Sunday, December 26, 2004

Nectar of the Gods loses popularity

In Mexico, the "nectar of the gods" is in danger of extinction.

The popularity of the pre-Hispanic alcoholic drink, pulque, is fading in favour of more conventional beverages. Legend has it that pulque was being drunk in Mexico 10 centuries ago. It was certainly the preferred tipple of the Aztec elite and, being of divine origin, was used by priests in rituals. Commoners only stole a sip on pain of death!

Pulque is the sap of the maguey cactus, which grows in dry desert plains. It's extracted by workers who put a fat wooden tube in to the heart of the plant, and suck the liquid out. One litre of the milky liquid costs less than half a dollar.

But the so-called "nectar of the gods" is in danger of dying out as beer, rum and the ubiquitious tequila are taken up by young people.

Wednesday, December 22, 2004

Santa Free Zone ?

A group of Germans are fighting to get rid of Santa saying he has become a symbol of the commercialisation of Christmas.

Thousands of stickers have been printed declaring whole areas in Germany and Austria "Santa Free Zones" and pamphlets have been handed out on street corners reminding people that the traditional bringer of presents is St Nicholas and not the red-suited, white-bearded immigrant from the Americas.

Bettina Schade from the Frankfurter Nicholas Initiative said: "We object to the material things, the hectic rush to buy gifts, and the ubiquity of the bearded man in the red suit that are taking away from the core meaning of Christmas."

Santa Claus is not a typical Christmas tradition in Germany or Austria - the overweight red-suited man only turning up in the last decade or so.

Wednesday, December 15, 2004

Winter Solstice Concepts -- Beli Mawr

The Celtic commemoration of the rebirth of the sun is the Birth of the Divine Child, He who is known as Beli Mawr, The Shining One, Great Lord of Divine Fire.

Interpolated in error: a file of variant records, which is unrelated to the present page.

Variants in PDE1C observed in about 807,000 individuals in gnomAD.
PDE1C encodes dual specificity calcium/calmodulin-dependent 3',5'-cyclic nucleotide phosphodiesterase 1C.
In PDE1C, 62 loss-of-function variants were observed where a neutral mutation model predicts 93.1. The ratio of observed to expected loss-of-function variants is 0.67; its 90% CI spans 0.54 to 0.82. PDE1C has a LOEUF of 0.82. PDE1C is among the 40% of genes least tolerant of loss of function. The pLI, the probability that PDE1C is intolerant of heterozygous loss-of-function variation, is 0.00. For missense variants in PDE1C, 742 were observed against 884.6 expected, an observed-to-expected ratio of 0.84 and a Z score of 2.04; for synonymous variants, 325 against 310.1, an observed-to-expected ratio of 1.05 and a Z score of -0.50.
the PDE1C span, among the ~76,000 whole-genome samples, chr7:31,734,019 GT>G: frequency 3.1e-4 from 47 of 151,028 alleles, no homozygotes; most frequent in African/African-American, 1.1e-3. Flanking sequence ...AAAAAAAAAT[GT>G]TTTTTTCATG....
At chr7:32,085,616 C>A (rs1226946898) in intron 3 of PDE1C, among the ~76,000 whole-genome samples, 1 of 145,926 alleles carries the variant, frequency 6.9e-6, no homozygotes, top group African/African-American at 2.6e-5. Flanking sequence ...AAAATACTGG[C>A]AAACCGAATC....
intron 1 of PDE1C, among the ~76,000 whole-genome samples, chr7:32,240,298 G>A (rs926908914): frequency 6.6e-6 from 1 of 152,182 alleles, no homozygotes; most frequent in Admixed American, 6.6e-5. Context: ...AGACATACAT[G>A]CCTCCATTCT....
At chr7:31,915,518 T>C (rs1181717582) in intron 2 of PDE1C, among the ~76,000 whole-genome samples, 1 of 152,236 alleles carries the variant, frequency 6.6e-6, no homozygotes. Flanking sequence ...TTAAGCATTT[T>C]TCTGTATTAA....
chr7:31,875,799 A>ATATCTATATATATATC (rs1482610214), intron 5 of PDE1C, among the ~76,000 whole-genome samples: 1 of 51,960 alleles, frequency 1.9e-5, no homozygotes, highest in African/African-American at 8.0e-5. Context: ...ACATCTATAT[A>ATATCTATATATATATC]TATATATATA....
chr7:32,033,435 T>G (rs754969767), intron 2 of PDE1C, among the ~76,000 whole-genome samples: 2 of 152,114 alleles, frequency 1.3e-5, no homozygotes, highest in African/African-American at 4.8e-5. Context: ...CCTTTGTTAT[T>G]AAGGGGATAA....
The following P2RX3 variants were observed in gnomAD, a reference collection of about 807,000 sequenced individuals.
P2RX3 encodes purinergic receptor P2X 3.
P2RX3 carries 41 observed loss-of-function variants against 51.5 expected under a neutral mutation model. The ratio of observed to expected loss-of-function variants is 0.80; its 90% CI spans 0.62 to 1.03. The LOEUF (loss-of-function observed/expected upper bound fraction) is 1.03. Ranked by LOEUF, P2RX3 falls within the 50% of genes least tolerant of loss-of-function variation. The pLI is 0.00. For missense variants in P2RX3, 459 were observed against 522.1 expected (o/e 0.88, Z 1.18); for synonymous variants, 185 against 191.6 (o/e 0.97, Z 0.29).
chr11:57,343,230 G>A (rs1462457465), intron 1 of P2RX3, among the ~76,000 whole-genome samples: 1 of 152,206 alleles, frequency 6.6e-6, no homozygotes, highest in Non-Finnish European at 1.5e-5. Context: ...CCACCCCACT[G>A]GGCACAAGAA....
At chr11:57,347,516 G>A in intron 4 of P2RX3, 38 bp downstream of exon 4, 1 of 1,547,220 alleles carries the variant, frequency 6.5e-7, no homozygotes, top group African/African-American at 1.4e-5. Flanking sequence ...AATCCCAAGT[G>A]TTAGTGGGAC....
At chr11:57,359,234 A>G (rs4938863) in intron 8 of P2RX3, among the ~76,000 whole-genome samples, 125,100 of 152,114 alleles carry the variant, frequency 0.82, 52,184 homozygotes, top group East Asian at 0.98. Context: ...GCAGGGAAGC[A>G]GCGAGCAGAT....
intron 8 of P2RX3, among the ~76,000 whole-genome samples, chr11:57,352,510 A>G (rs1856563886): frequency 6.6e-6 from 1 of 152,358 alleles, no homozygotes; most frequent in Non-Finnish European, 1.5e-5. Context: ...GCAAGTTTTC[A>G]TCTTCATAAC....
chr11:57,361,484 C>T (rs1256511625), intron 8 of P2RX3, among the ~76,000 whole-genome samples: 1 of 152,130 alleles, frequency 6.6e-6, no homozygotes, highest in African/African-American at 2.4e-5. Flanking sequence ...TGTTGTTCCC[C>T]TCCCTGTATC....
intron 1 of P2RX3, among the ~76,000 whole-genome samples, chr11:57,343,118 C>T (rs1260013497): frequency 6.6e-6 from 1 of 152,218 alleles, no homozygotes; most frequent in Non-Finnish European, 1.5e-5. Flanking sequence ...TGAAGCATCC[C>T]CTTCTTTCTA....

On the longest night of the year, the Goddess gives birth to the Sun Child and hope for new light is reborn. The Birth is celebrated with games, merry-making and feasting which usually includes pork, the flesh of the sacred sow, and apples, the fruit of the tree of Avalon, the Blessed Isle of Death and Rebirth.

Monday, December 06, 2004

Christmas Spider

A charming old German story tells us that a long time ago, a mother was busily cleaning for Christmas. The spiders in the house fled upstairs to the attic to escape the broom. When the house became quiet again, the little spiders sneaked out and slowly crept downstairs for a peek. Oh! What a beautiful tree!

In their excitement, they scurried up the trunk and out among the branches. They were filled with happiness and glee as they climbed amonst the glittering beauty that surrounded them. But alas! By the time they were through with their explorations, the tree was completely shrouded in their dusty grey spider webs.

When Santa came with the gifts for the children and noticed the tree covered with spider webs, he smiled to see how happy the spiders were. But he also knew how heartbroken the mother would be if she saw her tree all dusty and grey. And so he magically transformed the webs to silver and gold thread. The tree now sparkled and shimmered and was even more beautiful than before.

And now that's why we have tinsel on our trees and also why every tree should have a Christmas spider hiding happily in its branches.

Tuesday, November 23, 2004

Goddess Brighid still going strong

Brighid is the goddess who survived the onslaught of Christianity. So greatly was she loved by the Irish people that they would have none of Christianity if they couldn't keep Brighid.

In relatively recent times her fame spread to Africa and Haiti in the hearts of slaves and deported Irish and Scottish indentured servants.

However she went through a radical transformation, and her aspect of Maman Brigitte is seen more as a Goddess of Vengeance.

The Haitian Voudou lwa -immortal spirit- "Maman Brigitte", is the wife of Baron Samedi, recognised worldwide as the jovial skeleton who wears a top hat, sunglasses, and smokes cigarettes or cigars.

Like the original Brighid, Maman Brigitte is revered for her ability to heal. Vodouisants approach her to request healing from life-threatening circumstances for she has the power to bring people back from the brink of death.